Free Market Capitalism: A Bipolar Vicious Cycle of Boom and Bust
By Gilbert Mercier
NEWS JUNKIE POSTAug 2, 2010 at 3:14 pm
What most economists are still calling “The Great Recession” officially started in December 2007. However, the global financial meltdown started a bit later, in the fall of 2008, in the United States. Calling this massive global crash “recession” was always an understatement made to avoid a complete global panic. A more accurate term would have been to call it the 2ND Great Depression, which almost all financial “experts” and policy makers failed to diagnose and treat as such.
On June 27 2008, I wrote an article for another publication untitled: “Are We Heading For A World Wide Depression Worse Than 1929?”. At the time, most readers found my forecasts “alarmist” or even disconnected with reality. However, it turned out that I was a lot less off mark than most economists or journalists covering financial topics on the issue of the looming crisis. In retrospect, what I find the most alarming, especially because I don’t claim to be a financial expert, is the fact that so few people saw the runaway train of the financial crash coming.
Most Americans, either Republicans or Democrats, are still fervent advocates of the Free Market concept of capitalism. “The Market Knows Best” is still their motto and the corner stone of a crumbling US economy. Americans are still accepting the pathological cycles of boom and bust, which are a direct correlation of the free market, as unavoidable as paying taxes or death. The collapse of late 2008 was a perfect opportunity to reconsider these foolish notions, and to put this blind and irrational reliance on free-market-is-king on trial.
However, almost at mid-term, the Obama administration has failed to address any of the systemic issues at stake in the matter, and to make things worse globally, the European Union is now on the brink of insolvency with Greece, Spain, Portugal and Ireland in the “lead”. In the US, the so called finance reform bill is not a game changer but mere window dressing. The bill was passed too late and should have been implemented before the huge bail out was given to Wall Street, with almost no strings attached, instead of a few weeks ago when most of the TARP funds were supposedly paid back to US tax payers.
This bad timing on the part of the Obama administration and Democrats in Congress made any real leverage on financial institutions disappear. If nothing else, the financial collapse and the massive bail out from the Federal government made the financial institutions deemed “too big to fail” even bigger. Before and during the collapse, Bank Of America bought Countrywide, Morgan Chase took over Washington Mutual and Wells Fargo bought Wachovia. And of course, bigger banks translate in less option for consumers, less competition and tighter credit.
Of the three last big banks still standing (B of A, Chase and Wells Fargo), Chase is the one with the most dubious practices. Chase is currently facing several Class A legal actions for being completely uncooperative and even deceptive in working with distressed homeowners in restructuring their loans. They do not return calls, shuffle people around from one division to another and, last but not least, “lose” loan documents as a policy in what amounts to a financial version of Kafka’s “The Castle”. On the credit side, Chase has been putting a squeeze on consumers relentlessly. For example, until August 2009 my line of credit with Chase was at $35,000. The first thing Chase did was to double my minimum payment while lowering, by increments, my credit line which know stands at $21,000.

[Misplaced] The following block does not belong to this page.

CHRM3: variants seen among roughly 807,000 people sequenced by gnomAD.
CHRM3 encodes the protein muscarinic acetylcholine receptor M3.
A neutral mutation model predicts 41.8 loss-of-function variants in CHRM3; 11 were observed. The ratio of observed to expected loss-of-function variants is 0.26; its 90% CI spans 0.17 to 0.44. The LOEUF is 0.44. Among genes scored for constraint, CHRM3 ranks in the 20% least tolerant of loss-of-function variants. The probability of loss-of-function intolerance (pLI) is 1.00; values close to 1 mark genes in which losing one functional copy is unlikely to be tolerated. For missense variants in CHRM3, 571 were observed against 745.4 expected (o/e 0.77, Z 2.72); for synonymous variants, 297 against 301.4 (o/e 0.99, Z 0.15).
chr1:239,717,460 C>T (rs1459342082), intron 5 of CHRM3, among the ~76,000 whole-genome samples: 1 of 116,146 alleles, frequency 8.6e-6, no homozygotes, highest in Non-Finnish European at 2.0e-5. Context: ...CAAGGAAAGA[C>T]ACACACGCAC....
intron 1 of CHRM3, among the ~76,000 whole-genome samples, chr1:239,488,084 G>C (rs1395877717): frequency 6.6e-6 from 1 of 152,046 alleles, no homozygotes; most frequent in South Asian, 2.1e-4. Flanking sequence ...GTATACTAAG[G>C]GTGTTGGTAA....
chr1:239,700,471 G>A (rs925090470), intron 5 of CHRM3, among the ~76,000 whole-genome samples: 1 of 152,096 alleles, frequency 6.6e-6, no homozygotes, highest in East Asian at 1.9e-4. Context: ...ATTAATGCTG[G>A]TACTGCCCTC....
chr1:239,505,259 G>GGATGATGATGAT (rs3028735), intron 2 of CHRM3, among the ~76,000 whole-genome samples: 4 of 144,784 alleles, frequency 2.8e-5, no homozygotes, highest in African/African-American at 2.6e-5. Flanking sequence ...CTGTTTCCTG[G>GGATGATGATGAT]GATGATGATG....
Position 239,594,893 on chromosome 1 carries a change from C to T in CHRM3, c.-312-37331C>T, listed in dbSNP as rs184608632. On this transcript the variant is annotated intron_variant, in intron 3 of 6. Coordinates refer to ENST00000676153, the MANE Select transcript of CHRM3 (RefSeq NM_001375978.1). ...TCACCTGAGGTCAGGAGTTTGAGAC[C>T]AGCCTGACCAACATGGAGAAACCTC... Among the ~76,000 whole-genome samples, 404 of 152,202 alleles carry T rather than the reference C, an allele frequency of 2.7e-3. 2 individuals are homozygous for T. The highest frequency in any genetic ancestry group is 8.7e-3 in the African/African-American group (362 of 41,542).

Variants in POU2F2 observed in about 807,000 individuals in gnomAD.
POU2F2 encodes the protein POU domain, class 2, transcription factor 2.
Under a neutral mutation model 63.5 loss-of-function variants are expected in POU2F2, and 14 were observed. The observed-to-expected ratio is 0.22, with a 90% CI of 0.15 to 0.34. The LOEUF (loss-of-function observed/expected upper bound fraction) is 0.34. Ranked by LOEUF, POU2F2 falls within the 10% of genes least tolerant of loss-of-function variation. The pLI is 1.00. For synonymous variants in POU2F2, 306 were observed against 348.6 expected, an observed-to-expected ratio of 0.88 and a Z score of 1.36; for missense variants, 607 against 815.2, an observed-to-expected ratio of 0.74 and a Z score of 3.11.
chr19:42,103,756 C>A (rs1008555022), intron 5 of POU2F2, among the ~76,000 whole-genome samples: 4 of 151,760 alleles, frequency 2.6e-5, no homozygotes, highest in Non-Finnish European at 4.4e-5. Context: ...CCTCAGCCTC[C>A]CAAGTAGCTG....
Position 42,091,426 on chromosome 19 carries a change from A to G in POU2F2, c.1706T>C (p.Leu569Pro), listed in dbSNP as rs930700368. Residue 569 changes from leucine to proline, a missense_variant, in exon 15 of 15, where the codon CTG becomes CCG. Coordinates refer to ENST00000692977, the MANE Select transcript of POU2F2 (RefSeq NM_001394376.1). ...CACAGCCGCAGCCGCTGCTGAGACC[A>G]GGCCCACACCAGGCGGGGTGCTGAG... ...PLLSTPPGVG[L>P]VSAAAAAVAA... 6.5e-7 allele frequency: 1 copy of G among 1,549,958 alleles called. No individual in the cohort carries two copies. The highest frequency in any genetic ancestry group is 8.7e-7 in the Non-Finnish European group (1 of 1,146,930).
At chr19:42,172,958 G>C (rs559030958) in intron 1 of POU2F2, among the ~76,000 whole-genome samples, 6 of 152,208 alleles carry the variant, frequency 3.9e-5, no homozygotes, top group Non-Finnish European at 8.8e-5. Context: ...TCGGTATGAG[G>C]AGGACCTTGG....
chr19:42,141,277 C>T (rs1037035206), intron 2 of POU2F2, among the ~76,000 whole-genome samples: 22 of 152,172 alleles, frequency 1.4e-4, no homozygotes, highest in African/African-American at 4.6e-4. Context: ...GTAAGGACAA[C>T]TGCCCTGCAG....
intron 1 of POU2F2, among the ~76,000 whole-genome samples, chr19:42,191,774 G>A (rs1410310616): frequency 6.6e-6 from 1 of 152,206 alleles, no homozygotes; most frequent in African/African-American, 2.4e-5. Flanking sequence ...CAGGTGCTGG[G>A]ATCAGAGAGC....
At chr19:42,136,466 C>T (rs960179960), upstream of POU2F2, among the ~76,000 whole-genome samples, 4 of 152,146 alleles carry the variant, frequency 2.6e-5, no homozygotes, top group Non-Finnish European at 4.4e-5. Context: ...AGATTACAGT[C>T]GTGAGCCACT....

Some people are wondering why Wall Street’s recovery is not translating into a recovery for main street, but it is rather simple to understand: Banks are not eager to lend and corporations, which are doing well and showing large quarterly profits, are not hiring. Instead, both banks and corporation are focusing on accumulating large cash reserves. The latest boom in the US economy, which ended in 2007, was fueled by speculation on real estate value and consumer spending. In our current grim “new economy”, as defined by the proponents of jungle-free-market-capitalism, we are all supposed to show restraint and are asked to “tighten our belts”. Just like banks and corporations, wealthy Americans are sitting on their considerable assets and are ruled by fear. On the other hand, the dwindling middle-class is quickly becoming insolvent with almost no way out, and certainly unable to tighten any belts.
If America was an individual, it would likely be diagnosed as suffering from untreated bipolar disorder with the boom parts of the cycle as manic episodes and the bust as depression. From the late 90′s up to 2007 the euphoria of mania was running the psyche of most Americans. Since then, in just three years our global consciousness has reached rock bottom, with constant anxiety, fear and a deep sense of loss floating over our heads like the sword of Damocles. Yet, the advocates of free market economy are still viewing the manic-depressive cycles of boom and bust as a “normal” and almost natural phenomenon. The therapy to “heal” America’s psyche might have to be a work in progress, but the alternative of free market shock capitalism is clearly not working out for most Americans. In order to be on track for a sustainable economic recovery we must first put in question the sacrosanct dogma of free market and its manic-depressive manifestation of the boom and bust cycles.
- November 8, 2012 -- Global Capitalism: A Castle Made of Sand
- November 14, 2012 -- Can Europe Spark a Global Revolution Against Shock Capitalism?
- November 15, 2012 -- Spain’s Sado-Monetarism: Will it Lead to Revolution? – Part II
- December 1, 2010 -- Banksters: Wall Street Executives Are Still Getting Outrageous Pay
- October 12, 2010 -- Shock Capitalism: The Swindlers Of 2008 Are Now Betting On World Hunger